Yesterday, it was finally revealed on what kind of secret project I was working for the last four months: A quite unique, really free and open Linux GSM (smart-)phone produced by the Taiwan-based manufacturer FIC
In this project I'm responsible for the system-level software design and implementation. This means: Kernel, drivers, GSM communication infrastructure, etc.
So why is this project so exciting? Because it's [yet another] Linux phone? No. It's because this is the first time (to the best of my knowledge), that a vendor is
- involving (hiring) prominent community members to do the actual architecture design and implementation
- planning to completely open up their Linux distribution for any contributed development, e.g. use a package manager that can access arbitrary package feeds
- trying very hard to make sure almost everything will be Free Software, from drivers up to the UI applications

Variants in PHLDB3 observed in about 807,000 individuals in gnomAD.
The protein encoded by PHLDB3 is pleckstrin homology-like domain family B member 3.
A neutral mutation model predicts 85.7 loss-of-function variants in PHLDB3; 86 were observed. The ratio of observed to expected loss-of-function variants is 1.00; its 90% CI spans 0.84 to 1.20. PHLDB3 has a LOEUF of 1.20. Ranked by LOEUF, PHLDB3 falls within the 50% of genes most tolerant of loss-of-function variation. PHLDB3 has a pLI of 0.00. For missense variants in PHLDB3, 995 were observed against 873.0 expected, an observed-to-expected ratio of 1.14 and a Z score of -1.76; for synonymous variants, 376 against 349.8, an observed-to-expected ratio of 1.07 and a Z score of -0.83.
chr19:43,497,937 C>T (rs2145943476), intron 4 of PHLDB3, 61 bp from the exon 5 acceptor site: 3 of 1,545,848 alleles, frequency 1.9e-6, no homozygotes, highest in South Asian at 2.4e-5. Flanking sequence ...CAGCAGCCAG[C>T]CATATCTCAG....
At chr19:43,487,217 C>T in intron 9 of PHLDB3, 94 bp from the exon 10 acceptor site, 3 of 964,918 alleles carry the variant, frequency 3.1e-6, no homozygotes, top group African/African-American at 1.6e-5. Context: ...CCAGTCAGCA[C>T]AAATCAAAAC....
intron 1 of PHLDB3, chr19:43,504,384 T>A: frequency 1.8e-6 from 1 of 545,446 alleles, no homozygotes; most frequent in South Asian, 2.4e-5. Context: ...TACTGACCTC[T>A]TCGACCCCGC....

- actively providing documentation and interfaces for third party development on any level of the system, from debug interface, boot loader, kernel, middleware through the UI applications
- using X11 to allow users to run any existing X11 Linux application (within resource constraints)
So basically, from a Free Software community level, this is exactly the kind of phone you want to get involved with, and play with. Yes, it's not the perfect phone. It runs a proprietary GSM stack on a separate processor. There are some minor, self-contained proprietary bits on the back end side in userspace. But well, it's probably the best you can do as a first shot of a new generation of devices, and without too much existing market power to put on upstream vendors.